Dustin: I’ve seen several people taking pictures with your collection as a show of support—some smiling, some reading, some in other poses or simply holding the book, but given the cover art, my imagination has me thinking of the implication of taking such a picture or rather what the implication of picturing or seeing someone hold your book in their hands might be. Is this something you’ve thought about, especially in relation to your book’s title or the treatment of black people and blackness in the media?
Cortney Lamar Charleston: I have to say, you, sir, are the smartest for raising this question. This is definitely something I’d thought about ahead of time due to the nature of the cover painting, and the sharing of it across social media has become a part of the book’s experience, at least how I conceive it as a complete work. It’s all so meta! Even when we have the best of intentions behind our actions, it demonstrates the ease with which we (anybody) can commoditize and commercialize black death, black suffering. Most of us wish only to broadcast these images as a way of saying, here, look at this extremely real pain and suffering we must eradicate, but in doing so, we’re still taking time to offer up reproductions of human beings being violated or even killed. In the same way, people have shared the book’s cover (either the digital mock-up or a photo of the physical copy) as a way of voicing support for me personally as the author or the content inside its pages, or both, and still, there’s the unconscious commercialization of black suffering, though in this case, the painting is an imagining rather than an actual artifact. It serves to remind me, frequently though tangentially, of the difference between the performance of advocacy and allyship versus the taking of actions that define being an advocate or an ally. I think it begs us to take a closer look at that relationship, to do the hard work of interrogating our actions, though I wonder how many folks who have seen the book or held it in their hands have had that thought rise to the surface. For those whose minds that thought has crossed, I feel they’re engaging with the material along a slightly different dimension, and if even a few do in that way, particularly if they are not a black person, then it’s a reassuring thought for me.
Dustin: What’s your current relationship to Telepathologies? What’s the relationship of your current writing to Telepathologies?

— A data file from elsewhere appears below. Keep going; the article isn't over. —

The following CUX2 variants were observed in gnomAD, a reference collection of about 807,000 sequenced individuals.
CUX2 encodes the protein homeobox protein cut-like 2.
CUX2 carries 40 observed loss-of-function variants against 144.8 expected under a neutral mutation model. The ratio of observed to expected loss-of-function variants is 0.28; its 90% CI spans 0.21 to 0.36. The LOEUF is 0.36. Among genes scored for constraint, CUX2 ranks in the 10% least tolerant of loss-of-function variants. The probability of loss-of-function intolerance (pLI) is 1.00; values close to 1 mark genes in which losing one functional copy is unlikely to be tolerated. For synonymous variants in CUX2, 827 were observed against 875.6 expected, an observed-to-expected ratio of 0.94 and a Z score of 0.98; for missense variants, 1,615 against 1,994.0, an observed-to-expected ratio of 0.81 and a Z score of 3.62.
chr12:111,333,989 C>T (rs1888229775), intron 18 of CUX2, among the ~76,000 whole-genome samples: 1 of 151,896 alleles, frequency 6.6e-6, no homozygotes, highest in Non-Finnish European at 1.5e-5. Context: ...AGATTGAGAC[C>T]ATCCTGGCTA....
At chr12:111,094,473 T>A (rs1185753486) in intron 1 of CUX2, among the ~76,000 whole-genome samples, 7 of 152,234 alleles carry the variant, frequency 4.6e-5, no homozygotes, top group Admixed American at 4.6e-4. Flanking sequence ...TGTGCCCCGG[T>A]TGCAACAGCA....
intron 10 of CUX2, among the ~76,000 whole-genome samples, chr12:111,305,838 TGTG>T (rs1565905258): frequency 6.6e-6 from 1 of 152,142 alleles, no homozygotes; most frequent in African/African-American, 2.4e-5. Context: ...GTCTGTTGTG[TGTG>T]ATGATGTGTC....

Cortney Lamar Charleston: Telepathologies and I, right now, have a complicated relationship. I appreciate it. I’m proud of it, but I already find myself, in some ways, wanting to distance myself from it because of what I subjected myself to in order to write it. Even though I didn’t center myself as the speaker within every poem, I still had to sit among the dead every day to craft the poems I did, and that’s an intense and exhausting process, whether we’re talking mind, body or soul. Now that it’s finished, and available to be read, I find that, to make it more palatable for myself, to make it easier to read when I do voice selections from it for an audience, I try to think about the poems more on an intellectual wavelength than an emotional one. I’ve also invested a certain musicality into a lot of the words, and that music helps soothe me even as I, admittedly, belt out very blue notes. I suppose I also have trouble recognizing the book as beautiful, which is an interesting dilemma as well, though I can’t explain why that is. With all that said, it has undoubtedly altered my practice and the work that I’m writing and editing now. By it appearing as my first published collection (full-length or otherwise), it is creating the initial context through which my future work(s) will be received regarding comparisons of style, subject, political orientation, etc. To begin with a treatise of sorts hasn’t been limiting though. If anything, I realize that there’s so much room for further expansion and exploration, and currently I’m trying to do so by touching more on my own personal narrative. At this time, I feel like the same call to action that lead to Telepathologies will likely anchor my work for as long as I’m writing. I’ll simply be approaching it from different angles, with different tactics, hoping to show how frustratingly complex our social constructs are, and how much they complicate our lives and breed room for calamity. Said differently, I haven’t said everything that needs to be said nor have I learned everything that needs to be learned.